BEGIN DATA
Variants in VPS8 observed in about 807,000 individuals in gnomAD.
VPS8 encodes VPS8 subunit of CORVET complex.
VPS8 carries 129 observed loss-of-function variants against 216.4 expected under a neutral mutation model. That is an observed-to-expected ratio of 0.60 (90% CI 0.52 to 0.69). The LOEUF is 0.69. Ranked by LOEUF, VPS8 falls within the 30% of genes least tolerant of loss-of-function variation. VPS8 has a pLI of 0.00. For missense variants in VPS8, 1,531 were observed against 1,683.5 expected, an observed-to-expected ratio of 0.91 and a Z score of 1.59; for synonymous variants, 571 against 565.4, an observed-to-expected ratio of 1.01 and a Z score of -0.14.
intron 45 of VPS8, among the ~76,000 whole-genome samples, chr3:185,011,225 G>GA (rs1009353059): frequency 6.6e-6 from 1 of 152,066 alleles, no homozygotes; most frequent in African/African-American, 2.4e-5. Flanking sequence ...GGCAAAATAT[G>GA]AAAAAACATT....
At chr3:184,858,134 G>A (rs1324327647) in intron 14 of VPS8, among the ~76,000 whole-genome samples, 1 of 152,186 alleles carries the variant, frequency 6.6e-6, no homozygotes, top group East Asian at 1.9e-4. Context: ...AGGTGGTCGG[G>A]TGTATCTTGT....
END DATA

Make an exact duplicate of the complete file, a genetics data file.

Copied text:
Variants in VPS8 observed in about 807,000 individuals in gnomAD.
VPS8 encodes VPS8 subunit of CORVET complex.
VPS8 carries 129 observed loss-of-function variants against 216.4 expected under a neutral mutation model. That is an observed-to-expected ratio of 0.60 (90% CI 0.52 to 0.69). The LOEUF is 0.69. Ranked by LOEUF, VPS8 falls within the 30% of genes least tolerant of loss-of-function variation. VPS8 has a pLI of 0.00. For missense variants in VPS8, 1,531 were observed against 1,683.5 expected, an observed-to-expected ratio of 0.91 and a Z score of 1.59; for synonymous variants, 571 against 565.4, an observed-to-expected ratio of 1.01 and a Z score of -0.14.
intron 45 of VPS8, among the ~76,000 whole-genome samples, chr3:185,011,225 G>GA (rs1009353059): frequency 6.6e-6 from 1 of 152,066 alleles, no homozygotes; most frequent in African/African-American, 2.4e-5. Flanking sequence ...GGCAAAATAT[G>GA]AAAAAACATT....
At chr3:184,858,134 G>A (rs1324327647) in intron 14 of VPS8, among the ~76,000 whole-genome samples, 1 of 152,186 alleles carries the variant, frequency 6.6e-6, no homozygotes, top group East Asian at 1.9e-4. Context: ...AGGTGGTCGG[G>A]TGTATCTTGT....